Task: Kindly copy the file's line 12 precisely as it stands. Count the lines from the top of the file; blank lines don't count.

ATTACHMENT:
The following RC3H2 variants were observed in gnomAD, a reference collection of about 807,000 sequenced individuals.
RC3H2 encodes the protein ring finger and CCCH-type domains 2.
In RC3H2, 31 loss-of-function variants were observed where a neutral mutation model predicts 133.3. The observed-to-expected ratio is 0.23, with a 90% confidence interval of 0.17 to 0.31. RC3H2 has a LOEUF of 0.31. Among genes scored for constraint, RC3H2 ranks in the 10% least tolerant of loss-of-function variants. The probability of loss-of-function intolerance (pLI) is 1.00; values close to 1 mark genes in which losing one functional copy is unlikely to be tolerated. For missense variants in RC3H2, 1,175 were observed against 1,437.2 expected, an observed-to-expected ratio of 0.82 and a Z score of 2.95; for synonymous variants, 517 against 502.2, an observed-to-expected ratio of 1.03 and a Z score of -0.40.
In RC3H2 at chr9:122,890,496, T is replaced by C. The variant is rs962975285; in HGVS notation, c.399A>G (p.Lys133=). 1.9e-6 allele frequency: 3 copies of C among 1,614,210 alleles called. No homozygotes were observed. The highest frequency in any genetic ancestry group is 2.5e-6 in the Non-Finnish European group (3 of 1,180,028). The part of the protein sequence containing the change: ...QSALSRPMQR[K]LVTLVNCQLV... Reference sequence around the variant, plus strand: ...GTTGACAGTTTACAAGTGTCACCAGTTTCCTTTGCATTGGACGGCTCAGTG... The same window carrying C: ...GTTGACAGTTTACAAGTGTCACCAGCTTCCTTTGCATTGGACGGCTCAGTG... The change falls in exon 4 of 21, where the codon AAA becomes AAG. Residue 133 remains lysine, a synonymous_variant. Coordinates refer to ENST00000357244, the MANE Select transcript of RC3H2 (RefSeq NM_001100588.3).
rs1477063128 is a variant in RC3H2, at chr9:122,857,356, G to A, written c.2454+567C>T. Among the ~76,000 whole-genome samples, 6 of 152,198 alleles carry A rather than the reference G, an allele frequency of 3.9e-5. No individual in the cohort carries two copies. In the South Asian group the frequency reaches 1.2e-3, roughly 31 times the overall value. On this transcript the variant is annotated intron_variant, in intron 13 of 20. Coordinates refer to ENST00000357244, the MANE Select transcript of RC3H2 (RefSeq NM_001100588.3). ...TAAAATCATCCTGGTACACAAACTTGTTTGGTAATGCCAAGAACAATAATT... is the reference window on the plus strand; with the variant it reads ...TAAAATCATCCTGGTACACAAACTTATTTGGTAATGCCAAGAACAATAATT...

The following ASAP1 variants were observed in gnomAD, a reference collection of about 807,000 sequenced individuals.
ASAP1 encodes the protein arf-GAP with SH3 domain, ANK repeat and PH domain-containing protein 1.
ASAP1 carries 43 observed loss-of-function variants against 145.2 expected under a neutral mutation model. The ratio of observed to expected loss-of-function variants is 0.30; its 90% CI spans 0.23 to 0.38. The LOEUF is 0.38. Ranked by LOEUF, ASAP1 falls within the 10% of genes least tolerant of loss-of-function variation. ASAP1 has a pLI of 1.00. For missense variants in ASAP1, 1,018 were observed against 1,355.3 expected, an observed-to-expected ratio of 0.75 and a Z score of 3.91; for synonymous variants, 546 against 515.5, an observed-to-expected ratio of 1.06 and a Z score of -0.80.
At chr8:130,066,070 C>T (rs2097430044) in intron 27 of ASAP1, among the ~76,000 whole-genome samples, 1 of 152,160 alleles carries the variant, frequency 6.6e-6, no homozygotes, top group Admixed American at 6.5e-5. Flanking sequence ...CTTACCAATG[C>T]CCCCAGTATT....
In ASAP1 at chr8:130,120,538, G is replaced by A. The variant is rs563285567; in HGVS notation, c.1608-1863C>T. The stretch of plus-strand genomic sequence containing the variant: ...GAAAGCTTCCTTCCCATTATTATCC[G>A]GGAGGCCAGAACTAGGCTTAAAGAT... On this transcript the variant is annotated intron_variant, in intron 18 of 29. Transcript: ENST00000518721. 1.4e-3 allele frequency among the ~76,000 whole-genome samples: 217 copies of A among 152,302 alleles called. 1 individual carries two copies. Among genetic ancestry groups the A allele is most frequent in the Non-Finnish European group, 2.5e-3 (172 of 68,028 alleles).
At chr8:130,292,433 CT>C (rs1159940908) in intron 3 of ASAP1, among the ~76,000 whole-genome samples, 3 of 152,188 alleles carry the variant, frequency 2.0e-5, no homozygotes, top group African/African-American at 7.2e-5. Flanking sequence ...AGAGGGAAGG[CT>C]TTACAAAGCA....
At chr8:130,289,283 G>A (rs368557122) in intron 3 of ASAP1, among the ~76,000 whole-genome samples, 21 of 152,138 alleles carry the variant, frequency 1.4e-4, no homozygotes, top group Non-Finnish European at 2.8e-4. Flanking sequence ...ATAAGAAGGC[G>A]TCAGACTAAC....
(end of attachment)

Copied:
At chr8:130,289,283 G>A (rs368557122) in intron 3 of ASAP1, among the ~76,000 whole-genome samples, 21 of 152,138 alleles carry the variant, frequency 1.4e-4, no homozygotes, top group Non-Finnish European at 2.8e-4. Flanking sequence ...ATAAGAAGGC[G>A]TCAGACTAAC....